Because of these children being separated and a backlog of court cases among their parents in jail, the organization is preparing for a minimum of five weeks for these children in foster care, and that's for the least complicated of cases, Gibson said.

“If a child’s parent is in detention, and we have no viable sponsor in the U.S., it’s a wait-and-see situation,” Gibson said.

While these children are in the custody of the Office of Refugee Resettlement, it is a minimally restrictive foster care environment. The children attend school with bilingual tutors Monday through Friday. They receive group and individual therapy.

The children go on field trips, visit water parks and museums.

According to the Office of Refugee Resettlement, a “least-restrictive setting” is for children who are not a danger to themselves, the community or a flight risk.

“The kids are not in ‘detention,’” Gibson describes. “We try to make them as comfortable as possible and make sure they are in a family where they are loved.”

She said the children are integrated into the family life—they go to family events, attend church, go fishing and swimming.

All the while, a staff member is working behind the scenes to find sponsors, relatives, or anyone who can take full custody of the children.

“If we find a family member, like an aunt or an uncle or a cousin, our case manager does an investigation and background check to verify relationships to make sure there are no concerns with the child being released to them," Gibson said. “Our number one goal is to reunite child with family and make sure they are safe."

One issue is that the parent of the child must approve turning over custody, which isn’t always easy hundreds of miles away in a detention center.

Only one of the five children who came to South Carolina after being separated at the border has been released to a sponsor in the U.S., Gibson said.

Gibson said to understand the plight of these parents and children, it’s important to understand why they came to the United States.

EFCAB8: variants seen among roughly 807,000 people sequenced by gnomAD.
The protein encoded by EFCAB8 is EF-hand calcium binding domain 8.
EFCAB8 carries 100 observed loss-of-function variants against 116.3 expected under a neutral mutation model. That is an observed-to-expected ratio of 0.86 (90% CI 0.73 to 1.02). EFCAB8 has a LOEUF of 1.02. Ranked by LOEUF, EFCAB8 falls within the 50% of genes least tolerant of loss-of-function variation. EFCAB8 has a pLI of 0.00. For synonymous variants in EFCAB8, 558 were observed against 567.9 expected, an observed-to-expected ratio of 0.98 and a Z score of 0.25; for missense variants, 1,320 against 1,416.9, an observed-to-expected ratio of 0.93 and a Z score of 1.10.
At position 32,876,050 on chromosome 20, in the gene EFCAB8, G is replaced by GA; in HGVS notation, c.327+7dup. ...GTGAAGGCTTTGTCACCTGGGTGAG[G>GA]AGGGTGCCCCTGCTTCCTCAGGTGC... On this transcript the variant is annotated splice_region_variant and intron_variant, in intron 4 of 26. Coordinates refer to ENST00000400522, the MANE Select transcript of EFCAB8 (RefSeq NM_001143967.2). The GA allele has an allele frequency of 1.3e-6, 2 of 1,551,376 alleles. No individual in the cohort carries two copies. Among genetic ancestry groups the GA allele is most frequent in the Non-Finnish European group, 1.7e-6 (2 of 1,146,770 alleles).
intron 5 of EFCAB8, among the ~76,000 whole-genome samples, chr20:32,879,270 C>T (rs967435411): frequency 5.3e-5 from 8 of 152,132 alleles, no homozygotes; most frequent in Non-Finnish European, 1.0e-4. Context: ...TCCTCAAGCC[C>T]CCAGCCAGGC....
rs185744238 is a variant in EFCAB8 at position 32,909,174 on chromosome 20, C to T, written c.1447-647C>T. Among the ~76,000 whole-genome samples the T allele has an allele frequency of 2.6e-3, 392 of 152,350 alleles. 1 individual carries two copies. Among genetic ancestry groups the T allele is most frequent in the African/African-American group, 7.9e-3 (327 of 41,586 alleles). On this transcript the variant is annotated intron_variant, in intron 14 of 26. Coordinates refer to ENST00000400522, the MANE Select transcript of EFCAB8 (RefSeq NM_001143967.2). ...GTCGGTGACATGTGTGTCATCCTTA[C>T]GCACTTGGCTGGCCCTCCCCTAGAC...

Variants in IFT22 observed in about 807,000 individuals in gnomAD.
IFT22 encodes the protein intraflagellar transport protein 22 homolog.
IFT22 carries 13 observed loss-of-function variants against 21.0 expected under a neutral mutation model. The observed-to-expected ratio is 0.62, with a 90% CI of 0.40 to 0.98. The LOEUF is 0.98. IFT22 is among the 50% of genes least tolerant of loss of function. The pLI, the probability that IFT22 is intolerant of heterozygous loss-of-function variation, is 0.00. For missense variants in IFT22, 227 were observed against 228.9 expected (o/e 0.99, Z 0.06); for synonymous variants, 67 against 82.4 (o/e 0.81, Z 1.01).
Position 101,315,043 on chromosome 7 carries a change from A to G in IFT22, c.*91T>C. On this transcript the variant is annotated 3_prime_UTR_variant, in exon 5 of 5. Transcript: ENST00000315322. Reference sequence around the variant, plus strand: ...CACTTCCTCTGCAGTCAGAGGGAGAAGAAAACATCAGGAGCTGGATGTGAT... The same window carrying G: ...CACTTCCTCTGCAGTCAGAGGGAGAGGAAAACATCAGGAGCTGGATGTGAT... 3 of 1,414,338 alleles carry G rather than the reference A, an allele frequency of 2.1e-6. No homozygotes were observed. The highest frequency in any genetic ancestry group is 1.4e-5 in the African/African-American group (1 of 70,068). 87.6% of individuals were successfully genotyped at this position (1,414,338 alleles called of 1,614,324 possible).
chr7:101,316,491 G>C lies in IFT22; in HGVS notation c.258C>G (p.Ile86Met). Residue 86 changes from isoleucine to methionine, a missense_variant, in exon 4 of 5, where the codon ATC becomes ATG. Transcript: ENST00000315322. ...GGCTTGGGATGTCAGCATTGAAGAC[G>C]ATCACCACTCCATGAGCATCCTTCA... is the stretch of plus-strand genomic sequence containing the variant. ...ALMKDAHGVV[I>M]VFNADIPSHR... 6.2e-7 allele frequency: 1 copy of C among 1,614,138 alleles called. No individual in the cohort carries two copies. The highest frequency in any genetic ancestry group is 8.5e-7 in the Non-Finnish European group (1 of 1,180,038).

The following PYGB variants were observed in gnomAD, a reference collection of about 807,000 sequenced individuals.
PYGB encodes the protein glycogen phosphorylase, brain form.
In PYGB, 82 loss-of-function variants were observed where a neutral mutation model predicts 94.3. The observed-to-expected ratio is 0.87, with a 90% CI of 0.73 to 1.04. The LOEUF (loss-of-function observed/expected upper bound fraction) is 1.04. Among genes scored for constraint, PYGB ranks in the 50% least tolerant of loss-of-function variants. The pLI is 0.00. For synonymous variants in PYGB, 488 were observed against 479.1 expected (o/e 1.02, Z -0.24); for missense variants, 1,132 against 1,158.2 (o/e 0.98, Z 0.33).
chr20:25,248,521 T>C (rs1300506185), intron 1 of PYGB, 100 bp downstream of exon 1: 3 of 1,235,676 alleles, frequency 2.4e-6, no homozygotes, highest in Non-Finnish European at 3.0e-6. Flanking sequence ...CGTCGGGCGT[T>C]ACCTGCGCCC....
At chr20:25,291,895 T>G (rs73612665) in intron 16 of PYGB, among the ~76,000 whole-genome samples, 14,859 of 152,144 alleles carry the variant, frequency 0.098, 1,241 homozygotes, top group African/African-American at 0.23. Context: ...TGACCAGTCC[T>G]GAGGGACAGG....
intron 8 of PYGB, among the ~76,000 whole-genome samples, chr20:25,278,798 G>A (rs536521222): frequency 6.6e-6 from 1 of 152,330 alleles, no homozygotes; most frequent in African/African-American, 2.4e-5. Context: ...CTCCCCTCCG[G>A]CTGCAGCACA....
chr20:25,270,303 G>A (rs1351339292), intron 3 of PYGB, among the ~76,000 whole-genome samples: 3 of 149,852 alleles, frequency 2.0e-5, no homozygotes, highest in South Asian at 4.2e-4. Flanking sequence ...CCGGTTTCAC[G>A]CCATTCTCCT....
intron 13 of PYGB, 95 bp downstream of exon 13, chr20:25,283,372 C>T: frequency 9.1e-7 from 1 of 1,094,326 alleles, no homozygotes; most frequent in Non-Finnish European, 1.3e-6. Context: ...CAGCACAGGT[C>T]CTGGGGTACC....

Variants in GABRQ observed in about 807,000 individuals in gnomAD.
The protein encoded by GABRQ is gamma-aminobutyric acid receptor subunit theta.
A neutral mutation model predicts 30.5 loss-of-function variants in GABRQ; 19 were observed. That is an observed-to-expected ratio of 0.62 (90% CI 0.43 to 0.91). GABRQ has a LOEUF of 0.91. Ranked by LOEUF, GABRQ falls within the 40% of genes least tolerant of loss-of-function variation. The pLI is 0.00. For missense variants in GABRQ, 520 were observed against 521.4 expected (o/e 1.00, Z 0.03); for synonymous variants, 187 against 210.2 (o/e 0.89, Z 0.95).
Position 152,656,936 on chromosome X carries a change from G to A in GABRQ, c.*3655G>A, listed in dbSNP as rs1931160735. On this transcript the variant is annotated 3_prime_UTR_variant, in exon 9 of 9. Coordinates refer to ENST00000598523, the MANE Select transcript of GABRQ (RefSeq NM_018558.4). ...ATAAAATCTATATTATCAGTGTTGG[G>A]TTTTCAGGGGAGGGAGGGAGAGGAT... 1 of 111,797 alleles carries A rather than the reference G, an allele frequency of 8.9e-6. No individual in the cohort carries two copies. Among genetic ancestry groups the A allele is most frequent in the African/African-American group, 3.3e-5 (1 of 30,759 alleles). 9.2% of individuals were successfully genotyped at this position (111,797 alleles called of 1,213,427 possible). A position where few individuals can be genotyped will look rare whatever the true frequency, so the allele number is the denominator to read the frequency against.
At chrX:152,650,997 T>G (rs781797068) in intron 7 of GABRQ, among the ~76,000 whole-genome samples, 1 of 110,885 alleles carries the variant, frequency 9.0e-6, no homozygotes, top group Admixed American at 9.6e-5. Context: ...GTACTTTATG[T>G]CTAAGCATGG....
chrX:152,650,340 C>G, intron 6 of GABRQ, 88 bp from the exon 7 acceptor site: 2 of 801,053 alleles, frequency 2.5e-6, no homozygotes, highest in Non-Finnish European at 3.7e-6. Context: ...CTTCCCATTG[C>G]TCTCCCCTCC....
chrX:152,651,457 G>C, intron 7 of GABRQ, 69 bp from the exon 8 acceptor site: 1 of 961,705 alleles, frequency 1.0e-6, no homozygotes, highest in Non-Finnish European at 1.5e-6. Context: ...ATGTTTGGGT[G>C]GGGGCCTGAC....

“It’s very hard for people to understand why these parents are bringing their children here. It’s because they feel they have no other choice for survival," Gibson said. "These kids have dealt with things we can’t even imagine.”

A lot of these families are coming from situations where the government in their home countries are unwilling or unable to keep them safe from gang-related violence, Gibson said.

“It’s important to humanize this. They have our same hopes and desires and they want to be safe. They don’t want to worry about stepping out their front door and be killed or kidnapped.”

Gibson said LSC has taken in unaccompanied minors in all situations.

“We have had children as young as 10 years old who have made the journey by themselves, coming across with a (smuggler), usually someone paid to bring people across the border,” Gibson said.

The national Lutheran Immigrant and Refugee Services organization says it has placed 148 children separated from their families at the border into foster care across the country. The Lutheran Services Carolinas has the funds to support eight children, Gibson said.

“Our greatest need is for additional foster parents willing to take these children,” Gibson said. Foster homes must be licensed and certified by the state of South Carolina.

Monetary donations are also needed as well as donations of clothing and bilingual books.

Gibson said the organization is also accepting donations of suitcases – in the hopes that one day, these children will be able to pack up their things and be reunited with their family.